Evie’s voice was attractive to Miss Bates. She loved her humour and sense of adventure, her care for Aunt Dove, and her self-deprecation. The opening line says it all: “The desert is a lonely place to begin with. And there’s nothing lonelier than being with someone you loved who stopped loving you first. It ended in the desert, the fabled rocky reaches of the Badiyat ash-Sham, with a man I had already buried once. But it began in Rome, as all adventures should, and it started with a scolding.” Throughout the narrative, we hear Evie’s sadness, but also her humour and ability to “carry on.” Aunt Dove, in turn, is a wonderful secondary character: humorous, eccentric and, in the end, wise, a true companion to Evie in her darkest, most difficult moments. The opening of City of Jasmine brought Graham Greene’s Travels With My Aunt to mind (though Aunt Dove’s role diminishes as Evie confronts desert revelations).
Miss Bates thought the descriptions of Damascus another of the novel’s strengths: “Rolling through the orchards of olive and lemon, pomegranate and orange, we saw Damascus standing on the plain, a gleaming, jewelled city of white in a lush green setting … over it all hung the perfume of flowers that spilled from private courtyards and public gardens … the city of jasmine, the air thick with the fragrance of crushed blossoms.” In this lovely, brief description, you have a hint of Raybourn’s ability to create atmosphere and paint pictures. She does no less with the desert … where she has the added delicious tension and volatility of fraught relationships and interactions. The goings-on are reminiscent of an Elizabeth Peters’ novel, but Raybourn’s awareness and knowledge of the history and politics of the time align themselves with the Bedouin and the Arab push for autonomy and prove much more interesting.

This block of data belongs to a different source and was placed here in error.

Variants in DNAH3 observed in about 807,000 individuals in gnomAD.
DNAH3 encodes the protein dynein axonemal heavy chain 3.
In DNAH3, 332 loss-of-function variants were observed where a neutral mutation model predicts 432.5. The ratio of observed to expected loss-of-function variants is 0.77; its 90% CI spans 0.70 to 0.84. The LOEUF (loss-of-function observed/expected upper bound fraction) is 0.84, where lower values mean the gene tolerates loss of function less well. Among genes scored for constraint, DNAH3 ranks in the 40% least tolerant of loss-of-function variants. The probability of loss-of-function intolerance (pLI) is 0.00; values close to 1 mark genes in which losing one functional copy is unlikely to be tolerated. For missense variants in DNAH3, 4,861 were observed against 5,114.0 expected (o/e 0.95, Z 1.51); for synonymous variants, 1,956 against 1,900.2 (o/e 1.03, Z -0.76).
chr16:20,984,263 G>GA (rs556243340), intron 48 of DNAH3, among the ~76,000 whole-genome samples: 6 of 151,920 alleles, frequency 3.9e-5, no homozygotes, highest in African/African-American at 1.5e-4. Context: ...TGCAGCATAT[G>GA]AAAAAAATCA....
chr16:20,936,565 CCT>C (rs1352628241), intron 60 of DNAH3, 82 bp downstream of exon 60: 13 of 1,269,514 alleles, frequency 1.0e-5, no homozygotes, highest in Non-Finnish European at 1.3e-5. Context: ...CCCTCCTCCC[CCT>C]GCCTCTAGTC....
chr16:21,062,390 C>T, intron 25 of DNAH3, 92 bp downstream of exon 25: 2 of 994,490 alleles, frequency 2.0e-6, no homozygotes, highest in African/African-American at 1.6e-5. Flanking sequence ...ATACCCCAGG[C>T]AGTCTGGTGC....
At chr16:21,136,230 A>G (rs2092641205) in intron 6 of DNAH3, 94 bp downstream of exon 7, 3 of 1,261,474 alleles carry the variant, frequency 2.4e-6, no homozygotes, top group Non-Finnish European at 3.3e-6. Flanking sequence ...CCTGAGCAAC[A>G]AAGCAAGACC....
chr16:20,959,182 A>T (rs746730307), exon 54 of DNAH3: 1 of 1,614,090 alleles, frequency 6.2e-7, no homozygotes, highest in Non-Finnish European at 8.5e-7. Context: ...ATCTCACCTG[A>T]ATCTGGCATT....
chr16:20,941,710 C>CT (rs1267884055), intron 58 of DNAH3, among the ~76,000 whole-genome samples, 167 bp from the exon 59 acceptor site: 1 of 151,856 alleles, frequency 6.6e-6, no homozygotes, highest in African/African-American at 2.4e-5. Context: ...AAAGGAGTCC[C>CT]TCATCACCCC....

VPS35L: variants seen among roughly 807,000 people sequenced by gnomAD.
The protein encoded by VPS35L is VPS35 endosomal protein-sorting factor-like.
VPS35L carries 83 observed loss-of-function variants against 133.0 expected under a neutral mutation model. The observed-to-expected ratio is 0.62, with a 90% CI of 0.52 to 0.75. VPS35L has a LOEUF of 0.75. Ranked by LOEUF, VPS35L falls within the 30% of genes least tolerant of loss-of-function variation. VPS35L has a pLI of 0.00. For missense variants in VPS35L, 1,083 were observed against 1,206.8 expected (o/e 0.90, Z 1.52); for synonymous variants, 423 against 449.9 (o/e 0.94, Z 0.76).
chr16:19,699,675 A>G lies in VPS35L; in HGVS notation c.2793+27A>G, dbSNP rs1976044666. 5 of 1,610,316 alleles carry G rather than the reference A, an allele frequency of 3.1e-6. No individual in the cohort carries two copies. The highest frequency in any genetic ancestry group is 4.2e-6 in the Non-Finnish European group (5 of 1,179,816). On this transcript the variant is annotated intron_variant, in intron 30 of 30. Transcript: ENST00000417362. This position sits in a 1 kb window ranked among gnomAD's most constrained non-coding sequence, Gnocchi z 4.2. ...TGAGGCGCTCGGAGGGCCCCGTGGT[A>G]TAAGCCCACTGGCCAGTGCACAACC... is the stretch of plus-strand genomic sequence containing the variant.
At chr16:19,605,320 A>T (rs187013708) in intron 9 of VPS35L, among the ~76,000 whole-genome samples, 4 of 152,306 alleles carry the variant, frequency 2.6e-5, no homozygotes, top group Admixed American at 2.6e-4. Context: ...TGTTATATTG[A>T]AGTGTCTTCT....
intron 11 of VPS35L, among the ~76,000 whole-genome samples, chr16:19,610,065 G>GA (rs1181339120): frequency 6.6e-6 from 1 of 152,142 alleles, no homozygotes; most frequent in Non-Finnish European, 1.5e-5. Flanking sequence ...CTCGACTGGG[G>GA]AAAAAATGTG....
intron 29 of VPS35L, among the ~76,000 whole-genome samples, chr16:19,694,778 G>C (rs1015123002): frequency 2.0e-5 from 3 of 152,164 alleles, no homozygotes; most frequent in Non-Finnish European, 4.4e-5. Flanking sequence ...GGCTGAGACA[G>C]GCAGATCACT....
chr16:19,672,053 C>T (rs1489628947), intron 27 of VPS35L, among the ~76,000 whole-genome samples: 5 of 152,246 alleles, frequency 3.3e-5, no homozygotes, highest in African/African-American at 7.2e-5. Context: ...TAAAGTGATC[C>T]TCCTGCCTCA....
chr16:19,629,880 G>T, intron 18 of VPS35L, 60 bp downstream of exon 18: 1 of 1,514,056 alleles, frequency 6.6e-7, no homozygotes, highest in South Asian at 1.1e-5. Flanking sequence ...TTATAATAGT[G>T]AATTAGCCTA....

What were Miss Bates’ frustrations with City of Jasmine? Too many villainous secondary characters and an excess of plot threads. A wonderful opening gave way to near-farcical centre: one wherein we find a frenetic series of events involving bad guys, good guys, bad guys who turn out all right and vice versa, political intrigue, and Indiana-Jones-like sequences of danger, mayhem, and near-death. In the midst of this a hero and heroine relationship, especially on the part of the evasive, cool hero, that unfolds and reveals its depth and desire.
[SPOILER AHEAD] Gabriel Starke’s volatility and peevishness with the adorable Evangeline did not endear him, or entrench his hero-status, to Miss Bates. The cross-class nature of Julia Grey and Nicholas Brisbane’s relationship made Nicholas’s difficult character an equalizer to Julia’s ease and wealth. Gabriel, on the other hand, just comes across as a bit of an ass. All the more reason, when he finally rips his heart out and hands it to Evangeline, to redeem the romance thread. [SPOILER AT AN END]
In Raybourn’s City Of Jasmine, Miss Bates excavated evidence of “a mind lively and at ease,” Emma.
Deanna Raybourn’s City Of Jasmine is published by Harlequin (Mira) and has been available in your preferred format at the usual vendors since February 25th.
Miss Bates is grateful to Harlequin for an e-ARC, via Netgalley, in exchange for this honest review.